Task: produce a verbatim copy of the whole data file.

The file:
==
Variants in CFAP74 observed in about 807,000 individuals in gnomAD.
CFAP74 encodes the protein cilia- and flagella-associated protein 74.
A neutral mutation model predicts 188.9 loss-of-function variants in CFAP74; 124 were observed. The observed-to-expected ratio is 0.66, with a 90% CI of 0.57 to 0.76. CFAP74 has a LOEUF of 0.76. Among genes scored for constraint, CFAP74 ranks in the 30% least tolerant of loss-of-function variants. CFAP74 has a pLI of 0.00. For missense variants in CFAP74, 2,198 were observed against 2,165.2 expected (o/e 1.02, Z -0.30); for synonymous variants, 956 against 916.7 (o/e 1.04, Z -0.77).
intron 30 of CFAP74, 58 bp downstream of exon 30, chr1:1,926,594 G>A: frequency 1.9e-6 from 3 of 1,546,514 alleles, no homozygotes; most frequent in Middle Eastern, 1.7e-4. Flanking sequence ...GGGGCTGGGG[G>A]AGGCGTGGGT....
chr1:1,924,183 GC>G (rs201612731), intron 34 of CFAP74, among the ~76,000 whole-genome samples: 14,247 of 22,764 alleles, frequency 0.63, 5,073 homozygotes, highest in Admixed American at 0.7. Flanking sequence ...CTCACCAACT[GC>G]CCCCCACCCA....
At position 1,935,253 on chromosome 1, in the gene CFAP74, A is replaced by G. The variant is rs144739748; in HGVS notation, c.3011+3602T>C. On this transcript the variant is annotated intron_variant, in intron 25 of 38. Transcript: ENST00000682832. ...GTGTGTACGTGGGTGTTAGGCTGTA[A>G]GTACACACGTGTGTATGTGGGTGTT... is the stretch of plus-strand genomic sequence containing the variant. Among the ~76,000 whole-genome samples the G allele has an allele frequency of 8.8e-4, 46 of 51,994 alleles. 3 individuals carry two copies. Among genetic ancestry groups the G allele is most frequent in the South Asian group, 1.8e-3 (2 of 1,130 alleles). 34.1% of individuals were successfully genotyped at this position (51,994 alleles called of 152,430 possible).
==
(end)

Variants in CFAP74 observed in about 807,000 individuals in gnomAD.
CFAP74 encodes the protein cilia- and flagella-associated protein 74.
A neutral mutation model predicts 188.9 loss-of-function variants in CFAP74; 124 were observed. The observed-to-expected ratio is 0.66, with a 90% CI of 0.57 to 0.76. CFAP74 has a LOEUF of 0.76. Among genes scored for constraint, CFAP74 ranks in the 30% least tolerant of loss-of-function variants. CFAP74 has a pLI of 0.00. For missense variants in CFAP74, 2,198 were observed against 2,165.2 expected (o/e 1.02, Z -0.30); for synonymous variants, 956 against 916.7 (o/e 1.04, Z -0.77).
intron 30 of CFAP74, 58 bp downstream of exon 30, chr1:1,926,594 G>A: frequency 1.9e-6 from 3 of 1,546,514 alleles, no homozygotes; most frequent in Middle Eastern, 1.7e-4. Flanking sequence ...GGGGCTGGGG[G>A]AGGCGTGGGT....
chr1:1,924,183 GC>G (rs201612731), intron 34 of CFAP74, among the ~76,000 whole-genome samples: 14,247 of 22,764 alleles, frequency 0.63, 5,073 homozygotes, highest in Admixed American at 0.7. Flanking sequence ...CTCACCAACT[GC>G]CCCCCACCCA....
At position 1,935,253 on chromosome 1, in the gene CFAP74, A is replaced by G. The variant is rs144739748; in HGVS notation, c.3011+3602T>C. On this transcript the variant is annotated intron_variant, in intron 25 of 38. Transcript: ENST00000682832. ...GTGTGTACGTGGGTGTTAGGCTGTA[A>G]GTACACACGTGTGTATGTGGGTGTT... is the stretch of plus-strand genomic sequence containing the variant. Among the ~76,000 whole-genome samples the G allele has an allele frequency of 8.8e-4, 46 of 51,994 alleles. 3 individuals carry two copies. Among genetic ancestry groups the G allele is most frequent in the South Asian group, 1.8e-3 (2 of 1,130 alleles). 34.1% of individuals were successfully genotyped at this position (51,994 alleles called of 152,430 possible).